Trailblazers, tipping points and the ‘Silicon Valley of mining’

Richard Roberts

Can Australia’s mining capital become a global tech hub?

Speaking on a visit to the new A$30 million Australian Automation and Robotics Precinct north of Perth in Western Australia, the state’s innovation and digital economy minister Stephen Dawson said facilities such as the AARP were key pieces of the government’s 10-year vision for WA to be a “global hub of invention, investment, innovation and impact”.

The 51-hectare site is currently an expanse of sand, wire fences, some bitumen and dongas. A new HQ taking shape near the entrance is still a couple of months away from completion.

But a grand vision for the AARP to be a global centre of excellence for industry automation and robotics is already shared by about 30 companies who’ve started using it.

They’re a mix of start-ups, SMEs and heavyweights that now include Fugro.

As well as its technology testing and training utility the AARP gives the Dutch survey leader “the ability to collaborate with smaller start-ups, which isn’t always that easy to do”, according to APAC director of remote operations, Paul Mullins.

The precinct’s Dirt Lab, heavy haulage area and new energy zone present a microcosm of WA’s massive Pilbara and Kalgoorlie mining districts, complete with prominent commercial banners such as Imdex, Hexagon, Mineral Resources, Epiroc, Fortescue and Autonomo.

The state is seen to be brimming with mine heavy haulage autonomy, remote energy and mine operations control centres, survey drones, solar and wind farms, and electric underground and surface test vehicles. Autonomous heavy road trains, a A$2 billion radio telescope and new data centres are on the horizon.

Fugro’s Australian Space Automation, Artificial Intelligence and Robotics Control Complex, or SpAARC, in Perth’s CBD, a collaboration with the Australian Space Agency and WA government, was lauded this week at an international mine geology conference in the city.

“Perth and WA are an incubator for this [remote control and automation] technology and it’s amazing to think that we’ve got a mission control centre right here in Perth which is helping NASA go to the moon and go to Mars,” Northern Star Resources chief geological officer Daniel Howe said at the event attended by more than 600 scientists, engineers and other industry people.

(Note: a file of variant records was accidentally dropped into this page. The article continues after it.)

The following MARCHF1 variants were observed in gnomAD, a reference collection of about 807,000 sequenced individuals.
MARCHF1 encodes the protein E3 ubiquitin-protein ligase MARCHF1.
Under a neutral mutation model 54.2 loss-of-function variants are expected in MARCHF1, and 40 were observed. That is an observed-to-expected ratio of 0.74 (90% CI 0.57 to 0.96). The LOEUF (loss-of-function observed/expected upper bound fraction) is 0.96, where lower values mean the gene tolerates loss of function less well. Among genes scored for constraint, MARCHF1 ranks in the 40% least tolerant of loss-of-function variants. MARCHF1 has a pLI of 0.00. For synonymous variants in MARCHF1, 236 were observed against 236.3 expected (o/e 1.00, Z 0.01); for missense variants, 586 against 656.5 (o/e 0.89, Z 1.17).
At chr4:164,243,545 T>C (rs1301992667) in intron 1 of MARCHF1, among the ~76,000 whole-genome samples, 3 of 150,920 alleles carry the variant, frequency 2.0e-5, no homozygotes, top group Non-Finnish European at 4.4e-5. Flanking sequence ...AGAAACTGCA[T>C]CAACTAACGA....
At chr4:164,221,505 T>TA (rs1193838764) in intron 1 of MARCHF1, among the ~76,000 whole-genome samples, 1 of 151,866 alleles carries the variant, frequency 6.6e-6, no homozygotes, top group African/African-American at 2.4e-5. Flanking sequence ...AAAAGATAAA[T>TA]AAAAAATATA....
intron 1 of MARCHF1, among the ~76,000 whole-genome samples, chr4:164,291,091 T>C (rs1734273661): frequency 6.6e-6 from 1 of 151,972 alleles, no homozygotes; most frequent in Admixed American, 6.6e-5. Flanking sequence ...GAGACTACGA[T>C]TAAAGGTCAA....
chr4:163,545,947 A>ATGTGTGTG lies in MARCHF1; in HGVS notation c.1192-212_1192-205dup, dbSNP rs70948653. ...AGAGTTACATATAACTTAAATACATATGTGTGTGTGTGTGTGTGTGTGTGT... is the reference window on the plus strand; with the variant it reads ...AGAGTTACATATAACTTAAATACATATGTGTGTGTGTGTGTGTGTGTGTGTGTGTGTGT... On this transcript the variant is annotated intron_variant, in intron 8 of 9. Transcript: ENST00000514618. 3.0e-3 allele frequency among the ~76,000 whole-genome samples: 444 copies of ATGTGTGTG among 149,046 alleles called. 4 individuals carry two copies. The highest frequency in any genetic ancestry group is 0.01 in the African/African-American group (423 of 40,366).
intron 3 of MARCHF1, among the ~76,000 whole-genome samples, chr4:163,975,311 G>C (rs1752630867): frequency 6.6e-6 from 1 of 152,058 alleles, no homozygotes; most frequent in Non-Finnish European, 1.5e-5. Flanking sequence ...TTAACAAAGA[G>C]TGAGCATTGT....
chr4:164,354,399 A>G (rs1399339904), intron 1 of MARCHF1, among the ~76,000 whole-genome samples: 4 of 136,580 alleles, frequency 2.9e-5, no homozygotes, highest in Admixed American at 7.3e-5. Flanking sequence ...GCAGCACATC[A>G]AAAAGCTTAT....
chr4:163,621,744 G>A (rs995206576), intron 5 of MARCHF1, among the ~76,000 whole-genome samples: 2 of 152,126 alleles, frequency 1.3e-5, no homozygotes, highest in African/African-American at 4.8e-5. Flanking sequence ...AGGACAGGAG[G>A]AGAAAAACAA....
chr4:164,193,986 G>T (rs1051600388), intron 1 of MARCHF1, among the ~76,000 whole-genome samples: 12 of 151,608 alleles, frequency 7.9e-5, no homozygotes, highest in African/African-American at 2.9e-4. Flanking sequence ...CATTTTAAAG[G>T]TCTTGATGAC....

“It’s absolutely incredible.”

The geology event run by one of the world’s major representative bodies for geoscience and mining professionals, the Australasian Institute of Mining and Metallurgy, put a spotlight on a host of technologies enabling digital capture of geoscience data and ways this is changing workflows and paradigms, including training of future geoscientists.

WA and its $250 billion-a-year resources sector is, not surprisingly, at the centre of some of these changes.

“We’ve got three of our next seven conferences here in Perth [which is] very much what we describe as the Silicon Valley of the mining industry,” the CEO of the Melbourne-headquartered AusIMM, Stephen Durkin, said in his introduction.

“I hope you’ll agree it makes sense for us to hold more conferences in Perth.”

Durkin is not the first to invoke the Silicon Valley analogy.

Executives at Pilbara iron ore giants BHP and Rio Tinto have talked about WA’s potential to become the “Silicon Valley of the global mining industry”.

“I’m not the first person to make this comparison but there are some parallels between Silicon Valley and WA,” BHP CEO Mike Henry said back in 2019.

“The experience of sharing of knowledge and technology is easier here than anywhere else in the world.”

The view was echoed by Rio Tinto Iron ore boss Simon Trott last month when the company announced it was investing circa-A$14 million via UK-based start-up accelerator Founders Factory, which was setting up shop in Perth, into pre-seed and seed stage firms developing new mining technologies.

“That will bring significant investment, but also expertise, and really will help our local innovators to start up, scale up and hopefully make it big in mining in WA,” Dawson said at the AARP.

“Far too often in the past our start-ups needed to go over east, or indeed around the world, to make it.

“We’ve got to focus on ensuring there are as many opportunities as possible locally to keep those smart, amazing people and innovations right here in WA.”

Silicon Valley, the mecca of US tech innovation and finance, has its tech roots in mid-20th century semiconductor and computing companies. The San Francisco hub, with its dense network of venture capitalists, entrepreneurs, engineers and researchers, plus the supply of new creative minds from universities such as Stanford and Berkeley, has no real comparisons worldwide.

The “Silicon Valley of mining” ambition for WA can probably be traced back at least 20 years.

In terms of an innovation hub drawing (and retaining) top-level talent, entrepreneurs, researchers and finance, the state and its capital have made gains in some areas in two decades.